Anderson Reservoir was at about 54 percent capacity this week, but it still welcomed recreational boaters for a new season, which began April 15.
“Enjoy it while you can,” could have been the message to the boaters this spring, with a five-year complete closure and $550 million dam reconstruction still set to begin in 2022.
Fishing is allowed in the reservoir, but signs posted at the reservoir warn against eating any of the fish because of possible mercury contamination.
For boaters—as well as the cyclists and hikers who regularly visit the scenic reservoir—who wonder about drilling equipment and trucks at the dam’s north end: The Santa Clara Valley Water District, which owns and manages the reservoir, last month began a geotechnical investigation as the first step in the dam’s redesign and reconstruction. The study will continue through the summer.
The district also has hired archeologists to conduct a “cultural resource” study to determine the presence of any historic or culturally significant items in the dam reconstruction project boundary. The district said the geotechnical investigation will test the soil and rock strength of the nearly 70-year-old earthen dam to provide a comprehensive look at its foundations.
The dam reconstruction plan was first announced by the water district in 2013, about four years after authorities learned the current structure could collapse in a major earthquake, causing catastrophic flooding of the entire Santa Clara Valley. New seismic data in late 2016 prompted the district to revise its plans, shifting from a “seismic retrofit” to a complete reconstruction. When the project is completed in 2027, the reservoir will return to its original storage capacity behind a structure that is more resistant to earthquake damage or collapse. The reservoir will be drained and closed to the public during the five years of reconstruction.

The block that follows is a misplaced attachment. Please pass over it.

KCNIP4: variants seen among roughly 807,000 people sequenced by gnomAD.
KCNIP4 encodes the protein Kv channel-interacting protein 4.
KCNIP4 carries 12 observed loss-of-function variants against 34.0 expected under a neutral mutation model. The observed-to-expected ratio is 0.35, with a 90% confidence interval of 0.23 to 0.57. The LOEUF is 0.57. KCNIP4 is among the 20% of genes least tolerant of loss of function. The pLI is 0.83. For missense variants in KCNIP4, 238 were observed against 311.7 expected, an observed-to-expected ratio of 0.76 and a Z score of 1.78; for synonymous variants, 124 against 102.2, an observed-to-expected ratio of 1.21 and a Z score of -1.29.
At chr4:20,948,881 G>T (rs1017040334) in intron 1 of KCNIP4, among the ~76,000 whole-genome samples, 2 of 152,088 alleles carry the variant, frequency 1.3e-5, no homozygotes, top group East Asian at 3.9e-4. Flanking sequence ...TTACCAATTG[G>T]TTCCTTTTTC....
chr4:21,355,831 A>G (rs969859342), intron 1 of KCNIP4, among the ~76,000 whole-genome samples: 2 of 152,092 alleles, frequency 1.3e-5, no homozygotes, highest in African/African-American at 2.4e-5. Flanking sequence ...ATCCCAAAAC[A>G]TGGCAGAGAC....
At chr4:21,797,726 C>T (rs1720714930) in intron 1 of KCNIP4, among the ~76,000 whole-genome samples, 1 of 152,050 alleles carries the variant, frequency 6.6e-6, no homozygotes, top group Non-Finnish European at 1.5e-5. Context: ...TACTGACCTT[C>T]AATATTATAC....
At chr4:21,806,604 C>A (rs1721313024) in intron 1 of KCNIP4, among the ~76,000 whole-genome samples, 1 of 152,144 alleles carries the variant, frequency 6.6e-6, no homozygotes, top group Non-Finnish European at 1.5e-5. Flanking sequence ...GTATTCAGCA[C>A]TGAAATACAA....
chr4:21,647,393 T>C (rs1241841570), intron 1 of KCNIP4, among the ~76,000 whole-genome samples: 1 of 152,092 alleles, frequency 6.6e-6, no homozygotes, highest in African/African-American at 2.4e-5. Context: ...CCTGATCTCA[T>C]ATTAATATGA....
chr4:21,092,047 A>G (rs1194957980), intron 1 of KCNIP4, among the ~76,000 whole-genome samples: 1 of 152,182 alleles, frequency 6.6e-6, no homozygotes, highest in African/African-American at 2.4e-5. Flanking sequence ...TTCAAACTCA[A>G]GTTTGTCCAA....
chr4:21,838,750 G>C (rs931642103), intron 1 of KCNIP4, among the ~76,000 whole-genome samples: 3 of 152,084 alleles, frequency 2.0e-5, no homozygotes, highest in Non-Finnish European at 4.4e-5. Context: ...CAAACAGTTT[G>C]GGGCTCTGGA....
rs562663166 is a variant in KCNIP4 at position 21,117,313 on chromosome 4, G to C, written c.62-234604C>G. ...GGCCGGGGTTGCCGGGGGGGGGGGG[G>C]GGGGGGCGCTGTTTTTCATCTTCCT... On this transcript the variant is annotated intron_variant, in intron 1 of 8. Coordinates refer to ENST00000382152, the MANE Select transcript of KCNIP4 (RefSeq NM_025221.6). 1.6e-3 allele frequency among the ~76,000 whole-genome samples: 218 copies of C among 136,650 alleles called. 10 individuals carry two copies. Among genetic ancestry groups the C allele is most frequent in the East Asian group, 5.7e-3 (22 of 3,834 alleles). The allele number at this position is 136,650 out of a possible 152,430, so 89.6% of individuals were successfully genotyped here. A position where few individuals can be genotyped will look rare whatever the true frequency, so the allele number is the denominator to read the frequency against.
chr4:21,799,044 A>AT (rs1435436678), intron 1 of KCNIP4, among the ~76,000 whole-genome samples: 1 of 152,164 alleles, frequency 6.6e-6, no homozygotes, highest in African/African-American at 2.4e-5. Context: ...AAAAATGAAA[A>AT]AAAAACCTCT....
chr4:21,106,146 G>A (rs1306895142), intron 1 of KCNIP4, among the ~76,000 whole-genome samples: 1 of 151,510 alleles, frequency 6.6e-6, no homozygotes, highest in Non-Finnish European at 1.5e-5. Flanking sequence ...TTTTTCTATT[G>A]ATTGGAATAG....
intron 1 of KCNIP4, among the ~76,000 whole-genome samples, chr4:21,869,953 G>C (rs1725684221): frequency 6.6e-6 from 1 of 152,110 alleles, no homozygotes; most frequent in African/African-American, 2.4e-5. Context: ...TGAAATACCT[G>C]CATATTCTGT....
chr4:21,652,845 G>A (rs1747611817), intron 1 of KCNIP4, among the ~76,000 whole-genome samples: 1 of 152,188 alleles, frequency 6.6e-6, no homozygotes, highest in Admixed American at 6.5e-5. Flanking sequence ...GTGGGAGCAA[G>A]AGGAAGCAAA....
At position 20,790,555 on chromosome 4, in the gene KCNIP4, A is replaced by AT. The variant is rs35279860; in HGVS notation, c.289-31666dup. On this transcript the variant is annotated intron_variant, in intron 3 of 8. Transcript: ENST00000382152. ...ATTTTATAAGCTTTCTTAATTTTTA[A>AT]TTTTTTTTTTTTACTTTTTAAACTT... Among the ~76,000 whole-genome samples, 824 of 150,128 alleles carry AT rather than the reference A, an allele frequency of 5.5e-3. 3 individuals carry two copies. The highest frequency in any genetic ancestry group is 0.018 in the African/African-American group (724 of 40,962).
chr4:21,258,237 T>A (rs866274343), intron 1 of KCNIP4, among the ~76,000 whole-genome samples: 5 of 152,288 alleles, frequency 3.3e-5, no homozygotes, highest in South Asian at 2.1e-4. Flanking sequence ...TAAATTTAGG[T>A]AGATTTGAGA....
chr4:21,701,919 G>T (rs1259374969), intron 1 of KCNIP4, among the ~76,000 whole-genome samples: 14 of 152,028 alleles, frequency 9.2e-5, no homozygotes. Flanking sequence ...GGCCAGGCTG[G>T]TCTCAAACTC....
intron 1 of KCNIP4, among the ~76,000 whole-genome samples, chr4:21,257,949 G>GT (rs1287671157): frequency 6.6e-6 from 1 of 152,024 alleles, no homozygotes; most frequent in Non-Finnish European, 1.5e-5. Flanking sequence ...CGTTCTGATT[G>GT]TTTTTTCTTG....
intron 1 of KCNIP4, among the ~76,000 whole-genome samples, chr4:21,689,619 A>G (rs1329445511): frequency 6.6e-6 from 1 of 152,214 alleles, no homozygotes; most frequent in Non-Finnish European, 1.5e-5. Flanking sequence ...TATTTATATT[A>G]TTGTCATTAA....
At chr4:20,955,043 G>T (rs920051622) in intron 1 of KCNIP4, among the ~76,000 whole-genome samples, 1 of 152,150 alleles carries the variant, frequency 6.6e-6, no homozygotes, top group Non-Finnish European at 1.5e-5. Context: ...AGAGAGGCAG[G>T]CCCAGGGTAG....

Anderson Dam creates the county’s largest surface water reservoir, which stores local rainfall runoff and imported water from the Central Valley. The reservoir is an important water source for treatment plants and the recharge of the groundwater basin.
During some of the heavy rains this past winter, the water district made controlled releases from Anderson Reservoir to reduce the chance of the reservoir reaching its restricted storage limit of 58 percent.
The reservoir’s outlet pipe runs through the bottom of the dam and releases water to Coyote Creek, which borders several new housing developments at Morgan Hill’s northeastern edge.
Valley Water, the new name for the Santa Clara Valley Water District, manages an integrated water resources system that includes the supply of drinking water, flood protection and stewardship of streams in Santa Clara County.